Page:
Sirius is rising again! New unique Sirius Talisman.
Every year we capture the first light of Sirius, the brightest star in the night sky, into our Sirius Talismans. This is the annual rising of Sirius from the solar rays (heliacal rising), reappearing at dawn. This time we were fortunate to have a beautiful cosmic synchronicity, which makes this Sirius Talisman very unique!
Around the time Sirius was making his first appearance, right when he was rising in the morning sky, the Moon was also transiting the zodiac degree of Sirius, which is in the middle of the sign Cancer (14º22’). Cancer is also ruled by the Moon, which not only renders the Moon powerful by being in its own sign but also gives powerful amplification to Sirius through its projected ecliptic/zodiac degree. A conjunction of the Moon to a fixed star (zodiac degree) is the basis of most traditional fixed star talismans, ideally combined with its rising (Ascendant) or culminating (Midheaven). In more ancient times, astrologer-magicians also considered the different auspicious times in the yearly cycle of Fixed Stars with the Sun, especially their helical rising which is analogous to their birth and renewal. They also placed much emphasis on astronomical observations and were marking the “Parans” or the co-rising (and co-culminating) of stars with rising/culminating ecliptic degrees and other planets, this varies according to the latitude and location.
(for further explanation of the differences, see below).
Creating the Sirius Talismans
In these unique talismans, you get both the time of the heliacal rising phase of Sirius, its actual morning appearance, and the Moon conjunct Sirius zodiac degree. The Talismans were made on August 6th early morning and before sunrise, under these two astrological times:
On the Heliacal Rising of Sirius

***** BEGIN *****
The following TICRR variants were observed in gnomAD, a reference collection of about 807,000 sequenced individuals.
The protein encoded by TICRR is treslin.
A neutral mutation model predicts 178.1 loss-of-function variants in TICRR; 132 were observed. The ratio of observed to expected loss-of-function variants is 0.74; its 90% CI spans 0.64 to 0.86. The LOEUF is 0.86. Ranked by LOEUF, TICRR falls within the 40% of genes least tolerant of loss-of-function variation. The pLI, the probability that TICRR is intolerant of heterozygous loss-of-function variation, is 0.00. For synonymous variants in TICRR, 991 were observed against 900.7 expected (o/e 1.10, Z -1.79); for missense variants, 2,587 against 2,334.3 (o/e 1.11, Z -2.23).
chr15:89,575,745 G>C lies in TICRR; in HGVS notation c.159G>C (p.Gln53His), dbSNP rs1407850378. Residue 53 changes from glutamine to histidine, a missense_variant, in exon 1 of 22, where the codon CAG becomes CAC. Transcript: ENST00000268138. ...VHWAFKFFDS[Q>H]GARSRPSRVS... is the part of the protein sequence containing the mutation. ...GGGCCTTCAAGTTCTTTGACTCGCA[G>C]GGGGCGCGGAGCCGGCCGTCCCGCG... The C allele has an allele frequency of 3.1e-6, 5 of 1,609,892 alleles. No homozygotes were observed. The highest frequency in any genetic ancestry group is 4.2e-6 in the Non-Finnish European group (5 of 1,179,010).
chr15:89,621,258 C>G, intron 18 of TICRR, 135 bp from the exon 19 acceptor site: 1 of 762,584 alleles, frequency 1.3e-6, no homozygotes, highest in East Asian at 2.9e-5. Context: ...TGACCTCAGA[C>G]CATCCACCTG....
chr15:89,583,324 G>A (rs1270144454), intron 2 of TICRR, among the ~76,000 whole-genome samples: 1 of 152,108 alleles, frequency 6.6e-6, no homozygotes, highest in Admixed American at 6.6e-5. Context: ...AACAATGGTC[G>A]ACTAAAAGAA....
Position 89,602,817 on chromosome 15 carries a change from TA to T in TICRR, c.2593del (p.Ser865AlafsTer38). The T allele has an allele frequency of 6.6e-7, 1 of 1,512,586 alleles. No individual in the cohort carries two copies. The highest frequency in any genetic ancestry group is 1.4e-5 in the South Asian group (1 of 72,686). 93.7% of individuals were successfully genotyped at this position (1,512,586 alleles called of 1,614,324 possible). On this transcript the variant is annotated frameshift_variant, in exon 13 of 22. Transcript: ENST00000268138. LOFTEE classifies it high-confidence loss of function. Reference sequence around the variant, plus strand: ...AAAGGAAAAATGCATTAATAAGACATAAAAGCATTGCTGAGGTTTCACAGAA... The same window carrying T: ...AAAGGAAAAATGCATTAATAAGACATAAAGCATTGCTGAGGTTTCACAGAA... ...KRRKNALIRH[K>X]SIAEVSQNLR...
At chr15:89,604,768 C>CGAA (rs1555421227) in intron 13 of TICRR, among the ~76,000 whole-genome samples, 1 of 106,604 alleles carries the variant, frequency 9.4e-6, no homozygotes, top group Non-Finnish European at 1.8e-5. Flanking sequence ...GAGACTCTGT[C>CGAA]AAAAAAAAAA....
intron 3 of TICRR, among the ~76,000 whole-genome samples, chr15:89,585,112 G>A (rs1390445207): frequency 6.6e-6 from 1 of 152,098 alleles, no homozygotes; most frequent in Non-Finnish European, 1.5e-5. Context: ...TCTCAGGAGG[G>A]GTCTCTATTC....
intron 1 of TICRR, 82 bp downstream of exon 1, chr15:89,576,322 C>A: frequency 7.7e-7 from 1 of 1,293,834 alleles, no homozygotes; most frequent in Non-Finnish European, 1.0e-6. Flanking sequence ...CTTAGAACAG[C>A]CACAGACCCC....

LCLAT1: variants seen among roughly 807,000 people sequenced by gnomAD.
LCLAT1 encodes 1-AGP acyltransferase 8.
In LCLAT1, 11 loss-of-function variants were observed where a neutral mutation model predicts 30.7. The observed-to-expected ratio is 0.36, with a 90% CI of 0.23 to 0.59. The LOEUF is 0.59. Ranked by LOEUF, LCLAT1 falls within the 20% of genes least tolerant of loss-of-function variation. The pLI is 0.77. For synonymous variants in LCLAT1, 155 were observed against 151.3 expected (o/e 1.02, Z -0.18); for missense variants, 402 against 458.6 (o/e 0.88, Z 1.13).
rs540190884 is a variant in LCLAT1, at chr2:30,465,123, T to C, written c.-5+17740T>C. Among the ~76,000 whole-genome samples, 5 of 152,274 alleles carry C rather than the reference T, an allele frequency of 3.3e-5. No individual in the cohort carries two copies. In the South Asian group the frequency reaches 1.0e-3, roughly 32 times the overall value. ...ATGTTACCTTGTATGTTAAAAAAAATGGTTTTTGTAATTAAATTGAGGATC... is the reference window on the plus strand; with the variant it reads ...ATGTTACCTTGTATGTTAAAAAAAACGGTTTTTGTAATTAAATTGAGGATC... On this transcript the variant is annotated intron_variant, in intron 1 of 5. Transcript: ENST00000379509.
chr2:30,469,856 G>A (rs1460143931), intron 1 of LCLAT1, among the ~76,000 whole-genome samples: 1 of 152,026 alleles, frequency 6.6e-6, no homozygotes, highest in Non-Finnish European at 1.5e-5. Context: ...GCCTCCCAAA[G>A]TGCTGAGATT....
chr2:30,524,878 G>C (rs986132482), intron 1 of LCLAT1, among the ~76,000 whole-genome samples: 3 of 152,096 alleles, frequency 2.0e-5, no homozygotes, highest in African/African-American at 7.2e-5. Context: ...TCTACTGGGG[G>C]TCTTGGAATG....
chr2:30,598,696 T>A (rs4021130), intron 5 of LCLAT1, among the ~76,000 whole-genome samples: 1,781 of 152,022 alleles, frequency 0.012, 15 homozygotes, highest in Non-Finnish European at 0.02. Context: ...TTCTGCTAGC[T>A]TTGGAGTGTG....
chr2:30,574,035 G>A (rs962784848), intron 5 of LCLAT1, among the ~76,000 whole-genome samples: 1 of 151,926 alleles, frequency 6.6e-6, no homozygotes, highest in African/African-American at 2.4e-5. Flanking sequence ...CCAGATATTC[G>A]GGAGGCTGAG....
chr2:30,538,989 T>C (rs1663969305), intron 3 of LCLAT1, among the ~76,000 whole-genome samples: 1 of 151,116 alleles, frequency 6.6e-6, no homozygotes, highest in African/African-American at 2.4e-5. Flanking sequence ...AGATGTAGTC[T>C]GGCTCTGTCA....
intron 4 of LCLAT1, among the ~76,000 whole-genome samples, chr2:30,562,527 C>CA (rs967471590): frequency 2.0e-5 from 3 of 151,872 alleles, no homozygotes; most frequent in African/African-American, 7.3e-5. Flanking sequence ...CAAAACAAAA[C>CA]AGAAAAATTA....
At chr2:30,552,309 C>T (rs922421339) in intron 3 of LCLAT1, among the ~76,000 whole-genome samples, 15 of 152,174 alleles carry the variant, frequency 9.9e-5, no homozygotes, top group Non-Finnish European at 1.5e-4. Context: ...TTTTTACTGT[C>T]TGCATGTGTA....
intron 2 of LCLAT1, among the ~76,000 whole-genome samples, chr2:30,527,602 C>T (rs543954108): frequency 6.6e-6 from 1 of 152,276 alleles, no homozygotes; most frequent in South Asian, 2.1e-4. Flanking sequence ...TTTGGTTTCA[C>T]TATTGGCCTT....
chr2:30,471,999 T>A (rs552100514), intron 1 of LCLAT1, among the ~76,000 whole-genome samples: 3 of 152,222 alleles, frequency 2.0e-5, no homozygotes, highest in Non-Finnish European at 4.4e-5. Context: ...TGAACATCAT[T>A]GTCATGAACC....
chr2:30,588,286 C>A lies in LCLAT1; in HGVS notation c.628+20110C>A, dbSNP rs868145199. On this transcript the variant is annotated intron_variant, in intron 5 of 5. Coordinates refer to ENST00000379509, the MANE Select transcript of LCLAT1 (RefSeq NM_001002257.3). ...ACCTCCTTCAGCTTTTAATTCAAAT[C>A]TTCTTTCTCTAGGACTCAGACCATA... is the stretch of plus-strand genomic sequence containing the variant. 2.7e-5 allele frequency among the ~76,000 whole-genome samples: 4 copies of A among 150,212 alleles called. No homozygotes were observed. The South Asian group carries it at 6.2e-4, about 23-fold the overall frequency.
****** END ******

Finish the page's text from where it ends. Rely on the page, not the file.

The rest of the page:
- When the Moon conjunct Sirius was rising, on the Ascendent degree (climaxing on 03:40 am).
- The time of the real rising and first appearance of Sirius (05:05 -05:25)
This was one of the most celebrated and religiously important celestial events in ancient times. In Egypt, the reappearance of Sirius has ushered the new year, and with it the flooding of the Nile. Sirius was considered a life-giver and was affiliated with the goddess Isis.
Traditionally, Sirius is a star of immense creative powers, and a sign of magnanimity, excellence, success and abundance, devotion, and passion for achieving one's goals. It sometimes marks an almost superhuman ability and achievements, prolific creative talents in any field and makes the native brilliant and inspired.
The images on the Talisman are the Image of Sopdet, the goddess that represents Sirius. Sopdet is displayed, riding her boat in the night sky, with a star on top of her headdress while holding a lotus flower. The Lotus probably represents one year's cycle, thus linking her to the yearly rising of Sirius and the new year.
The back of the Talisman bears the Egyptian Hieroglyph of Sirius and the ancient magical seal of Sirius. The canister contains Juniper and Wormwood according to a formula found in ancient writings attributed to Hermes Trismegistus himself.
Fixed Stars Talismans
Talismans for fixed stars were considered potently powerful and unique, as they represent emanations of forces outside and above our solar system, reflecting in a sense, superhuman virtues and powers. Most of the shining fixed stars are gigantic Suns extremely bigger than our own.
The name “fixed stars” marks the difference between the apparent movements of the planets (meaning wanderers) and the stars and constellations which seem fixed and unmoving from the earth’s point of view. For the ancients, the fixed position of those Stars relative to each other, and to the moving planets and the earth’s rotation, was considered a mark of their divinity, as they are unchanging and therefore eternal.
To clarify this distinction, the ecliptic or zodiac degree of a fixed star can be very far from its real physical placement in the sky. Except for the fixed stars which are physically situated on the ecliptic (path of the sun) like Regulus or Spica, other major fixed stars can be very far from the ecliptic and are therefore projected onto it from both sides of the celestial orb. That means that although a fixed star projected degree can rise or conjunct a planet, it doesn't mean that the star is truly physically there, or rising at that time. Our experience has proven the potency of the real rising of fixed stars over the horizon or culminating over the midheaven. more so in key phases of its solar cycle, and/or when in “paran” with one of the luminaries or planets. In the case of Sirius, its projected degree (Cancer 14º22’) had risen on the Ascendent an hour and a half before its real rising (in Israel’s latitude, co-rising with Leo 4º). This does not invalidate the potency of projected zodiac degrees, which are powerful points of star and solar/ecliptic relationship, but does provide a more direct energetical connection, by the fact of its real connection with the Horizon/Midheaven, which reflects the earth-star relationship.